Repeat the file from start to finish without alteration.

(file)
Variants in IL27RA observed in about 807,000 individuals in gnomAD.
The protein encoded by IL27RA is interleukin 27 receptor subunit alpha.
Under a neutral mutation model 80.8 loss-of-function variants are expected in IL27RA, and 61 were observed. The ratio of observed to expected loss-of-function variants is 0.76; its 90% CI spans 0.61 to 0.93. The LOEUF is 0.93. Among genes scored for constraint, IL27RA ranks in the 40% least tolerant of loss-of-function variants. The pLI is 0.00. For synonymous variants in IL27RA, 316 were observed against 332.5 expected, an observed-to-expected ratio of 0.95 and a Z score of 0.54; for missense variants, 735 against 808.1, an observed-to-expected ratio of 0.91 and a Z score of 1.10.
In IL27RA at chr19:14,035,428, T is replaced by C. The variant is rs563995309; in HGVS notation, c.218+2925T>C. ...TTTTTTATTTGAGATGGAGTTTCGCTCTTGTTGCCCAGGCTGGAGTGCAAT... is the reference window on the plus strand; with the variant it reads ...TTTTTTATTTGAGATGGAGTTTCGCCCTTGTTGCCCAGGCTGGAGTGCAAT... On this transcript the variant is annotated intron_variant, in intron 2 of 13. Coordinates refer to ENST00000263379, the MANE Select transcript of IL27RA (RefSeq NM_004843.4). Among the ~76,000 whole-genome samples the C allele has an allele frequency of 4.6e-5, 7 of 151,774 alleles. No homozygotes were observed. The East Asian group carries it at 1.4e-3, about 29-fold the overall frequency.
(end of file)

Variants in IL27RA observed in about 807,000 individuals in gnomAD.
The protein encoded by IL27RA is interleukin 27 receptor subunit alpha.
Under a neutral mutation model 80.8 loss-of-function variants are expected in IL27RA, and 61 were observed. The ratio of observed to expected loss-of-function variants is 0.76; its 90% CI spans 0.61 to 0.93. The LOEUF is 0.93. Among genes scored for constraint, IL27RA ranks in the 40% least tolerant of loss-of-function variants. The pLI is 0.00. For synonymous variants in IL27RA, 316 were observed against 332.5 expected, an observed-to-expected ratio of 0.95 and a Z score of 0.54; for missense variants, 735 against 808.1, an observed-to-expected ratio of 0.91 and a Z score of 1.10.
In IL27RA at chr19:14,035,428, T is replaced by C. The variant is rs563995309; in HGVS notation, c.218+2925T>C. ...TTTTTTATTTGAGATGGAGTTTCGCTCTTGTTGCCCAGGCTGGAGTGCAAT... is the reference window on the plus strand; with the variant it reads ...TTTTTTATTTGAGATGGAGTTTCGCCCTTGTTGCCCAGGCTGGAGTGCAAT... On this transcript the variant is annotated intron_variant, in intron 2 of 13. Coordinates refer to ENST00000263379, the MANE Select transcript of IL27RA (RefSeq NM_004843.4). Among the ~76,000 whole-genome samples the C allele has an allele frequency of 4.6e-5, 7 of 151,774 alleles. No homozygotes were observed. The East Asian group carries it at 1.4e-3, about 29-fold the overall frequency.